Lies, Damned Lies & Cybercrime Statistics
Reports on some aspect or other of cybercrime are highlighted in the press and in dozens of blogs on a daily basis. Whether it is phishing, botnets, or ID theft, what is the truth behind the numbers? Where are the real figures?
You may be forgiven if you're confused over the plethora of conflicting reports and contrasting figures out there. In fact, if you are still interested enough to continue reading Internet-security-related articles in the press, you are doing well. To the cynically minded it could seem that some of the statistics produced are meant to be attention-grabbing, even though such tactics often prove to be counterproductive.
Even more worrying, however, is a sense that some statistics are leveled at lobbying for government funding, corporate gain, or media hype rather than having any base in reality.
So when we read that cyber attacks can result in company losses of $6 million a day, is it any wonder that skepticism sets in?
A skeptical attitude isn't helped by the words from the supplier of the figures, the well-respected security organization McAfee Inc. (NYSE: MFE), which states that the figures are a "rough measure of executive opinion" and are "not designed to be a statistically valid opinion poll."
Hmmm, figures such as these are widely circulated, popularized, and finally accepted as "the figure" without, seemingly, any quantifiable basis. Perhaps this is best summarized by a highly respected editor I know, who said on this very topic: "The issue of security vendor-sponsored research has always bothered me, the sound of a commercial axe being ground almost always deafening."
So how many other figures out there are based upon nothing more than guesstimates? Well, from a personal perspective, the answer is far more than I realized.
Take the serious subject of identity fraud as one example: A well-known research organization, Javelin Strategy and Research , backed by more than one leading consumer group, surveyed a selected sample of 5,000 citizens to arrive at an estimated 11 million-plus victims. [Note: the full report will cost you $3,000!]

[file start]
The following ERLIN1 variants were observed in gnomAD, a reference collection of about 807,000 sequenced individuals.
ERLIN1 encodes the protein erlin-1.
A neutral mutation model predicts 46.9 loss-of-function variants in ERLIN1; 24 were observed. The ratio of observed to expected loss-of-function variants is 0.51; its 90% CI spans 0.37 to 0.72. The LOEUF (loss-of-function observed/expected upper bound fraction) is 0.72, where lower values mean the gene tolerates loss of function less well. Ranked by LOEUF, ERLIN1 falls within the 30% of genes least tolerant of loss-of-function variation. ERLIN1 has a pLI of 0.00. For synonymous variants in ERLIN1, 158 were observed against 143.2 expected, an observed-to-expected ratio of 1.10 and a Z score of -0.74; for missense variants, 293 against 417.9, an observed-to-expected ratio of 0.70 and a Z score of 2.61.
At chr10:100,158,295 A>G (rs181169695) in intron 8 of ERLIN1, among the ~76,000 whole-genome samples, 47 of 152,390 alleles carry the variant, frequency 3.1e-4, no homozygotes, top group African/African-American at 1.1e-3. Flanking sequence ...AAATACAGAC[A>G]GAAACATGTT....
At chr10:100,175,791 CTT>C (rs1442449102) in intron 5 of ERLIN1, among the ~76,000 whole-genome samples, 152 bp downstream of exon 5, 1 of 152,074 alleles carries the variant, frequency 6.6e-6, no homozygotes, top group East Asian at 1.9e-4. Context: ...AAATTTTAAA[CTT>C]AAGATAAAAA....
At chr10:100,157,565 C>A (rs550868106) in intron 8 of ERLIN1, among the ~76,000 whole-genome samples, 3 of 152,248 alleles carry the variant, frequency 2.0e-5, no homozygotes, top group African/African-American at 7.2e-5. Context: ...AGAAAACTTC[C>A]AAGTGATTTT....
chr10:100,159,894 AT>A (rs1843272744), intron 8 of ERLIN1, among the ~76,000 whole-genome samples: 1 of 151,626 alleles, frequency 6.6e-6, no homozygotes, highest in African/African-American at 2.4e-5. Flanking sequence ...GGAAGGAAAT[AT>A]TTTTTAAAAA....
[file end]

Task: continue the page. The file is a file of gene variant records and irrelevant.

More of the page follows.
The Federal Trade Commission , on the other hand, received 278,078 actual complaints from victims of ID theft. Compare that to the FBI's IC3 report for 2009 (just out), which shows 336,655 complaint submissions.
Using the FBI's report, the loss per victim equates to $1,660. Applying that cost per victim to 14 percent of all Internet crime, you get a total of 47,132 victims.
So just to demonstrate the differences in data for ID theft for 2009: Javelin reports potential losses of $1.8 billion; the FTC estimates $461 million; and the FBI, $78 million.
Of course, a stark comparison here is hardly fair, as not all cases of ID theft will be reported to the FTC or FBI. But how can such a wide discrepancy be explained?
Credit card fraud, we are told, is a huge and specific problem, so accurate figures should be readily available. Well, not exactly. Once again, the FTC has received significantly fewer complaints -- 31,928, at a potential cost of $71.8 million. The Aite Group, which bills itself as the "leading industry expert" in banking, securities, and investments, quotes $8.6 billion as the annual US card fraud cost.
Not all comparisons fail quite so miserably, though. Statistics on phishing seem to be fairly consistent, at least for the second half of 2009. Both Cyveillance and the Anti-Phishing Working Group have encouragingly similar results, with 2009 incident figures of 219,360 and 208,011, respectively.
The problem of quantification is illustrated by Trusteer Ltd. 's valiant attempt, where 1 million banking customers were tracked, but the accumulated losses could only be expressed as being between $2.4 million and $9.4 million. Therefore, with an estimated 200 million users of online banking worldwide, the potential range could be anywhere between $480 million and $1.9 billion -- more than the usually acceptable statistical difference.
So what are the best places to get numbers? The simplest approach for data breaches and related exposed data can be found at the Identity Theft Resource Center, where a no-frills download with no corporate hype or lobbying gives a list of breaches and associated totals.
Here we see that for 2009, the number of data breaches equaled 498, and the number of records exposed equaled 222,477,043.
So in conclusion, it would appear the only accurate and consistent analysis we have available shows us how many of our records have been exposed. Unfortunately, the only other statistics are based on complaints, or limited-sample surveys rather than real data. What we still need is a reliable and independent data source(s) to bring these figures together, free from any hype.